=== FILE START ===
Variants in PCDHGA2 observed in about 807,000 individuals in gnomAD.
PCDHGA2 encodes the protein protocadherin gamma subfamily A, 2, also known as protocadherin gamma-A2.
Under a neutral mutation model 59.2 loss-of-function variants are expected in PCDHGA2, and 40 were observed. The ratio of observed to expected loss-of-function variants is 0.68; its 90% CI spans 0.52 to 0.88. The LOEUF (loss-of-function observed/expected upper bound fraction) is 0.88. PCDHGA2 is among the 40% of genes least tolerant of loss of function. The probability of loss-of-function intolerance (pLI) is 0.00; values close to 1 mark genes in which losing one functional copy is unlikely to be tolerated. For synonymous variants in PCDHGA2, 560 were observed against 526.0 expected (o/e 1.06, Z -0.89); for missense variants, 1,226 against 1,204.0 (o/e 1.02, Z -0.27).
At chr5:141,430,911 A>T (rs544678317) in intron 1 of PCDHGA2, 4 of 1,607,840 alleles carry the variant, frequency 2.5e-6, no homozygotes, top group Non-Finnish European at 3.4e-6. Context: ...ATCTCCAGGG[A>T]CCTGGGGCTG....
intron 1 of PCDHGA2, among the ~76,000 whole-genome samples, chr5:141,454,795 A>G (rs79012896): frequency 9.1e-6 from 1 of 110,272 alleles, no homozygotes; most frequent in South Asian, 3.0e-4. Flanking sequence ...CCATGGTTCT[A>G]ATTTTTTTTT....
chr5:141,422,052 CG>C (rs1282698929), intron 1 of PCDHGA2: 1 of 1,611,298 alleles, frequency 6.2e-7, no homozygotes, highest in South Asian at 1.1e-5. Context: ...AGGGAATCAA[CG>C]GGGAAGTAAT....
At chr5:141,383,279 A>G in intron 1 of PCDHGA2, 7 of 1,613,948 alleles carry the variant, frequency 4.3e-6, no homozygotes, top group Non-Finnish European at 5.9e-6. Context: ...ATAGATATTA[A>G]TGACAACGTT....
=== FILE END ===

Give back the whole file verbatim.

Variants in PCDHGA2 observed in about 807,000 individuals in gnomAD.
PCDHGA2 encodes the protein protocadherin gamma subfamily A, 2, also known as protocadherin gamma-A2.
Under a neutral mutation model 59.2 loss-of-function variants are expected in PCDHGA2, and 40 were observed. The ratio of observed to expected loss-of-function variants is 0.68; its 90% CI spans 0.52 to 0.88. The LOEUF (loss-of-function observed/expected upper bound fraction) is 0.88. PCDHGA2 is among the 40% of genes least tolerant of loss of function. The probability of loss-of-function intolerance (pLI) is 0.00; values close to 1 mark genes in which losing one functional copy is unlikely to be tolerated. For synonymous variants in PCDHGA2, 560 were observed against 526.0 expected (o/e 1.06, Z -0.89); for missense variants, 1,226 against 1,204.0 (o/e 1.02, Z -0.27).
At chr5:141,430,911 A>T (rs544678317) in intron 1 of PCDHGA2, 4 of 1,607,840 alleles carry the variant, frequency 2.5e-6, no homozygotes, top group Non-Finnish European at 3.4e-6. Context: ...ATCTCCAGGG[A>T]CCTGGGGCTG....
intron 1 of PCDHGA2, among the ~76,000 whole-genome samples, chr5:141,454,795 A>G (rs79012896): frequency 9.1e-6 from 1 of 110,272 alleles, no homozygotes; most frequent in South Asian, 3.0e-4. Flanking sequence ...CCATGGTTCT[A>G]ATTTTTTTTT....
chr5:141,422,052 CG>C (rs1282698929), intron 1 of PCDHGA2: 1 of 1,611,298 alleles, frequency 6.2e-7, no homozygotes, highest in South Asian at 1.1e-5. Context: ...AGGGAATCAA[CG>C]GGGAAGTAAT....
At chr5:141,383,279 A>G in intron 1 of PCDHGA2, 7 of 1,613,948 alleles carry the variant, frequency 4.3e-6, no homozygotes, top group Non-Finnish European at 5.9e-6. Context: ...ATAGATATTA[A>G]TGACAACGTT....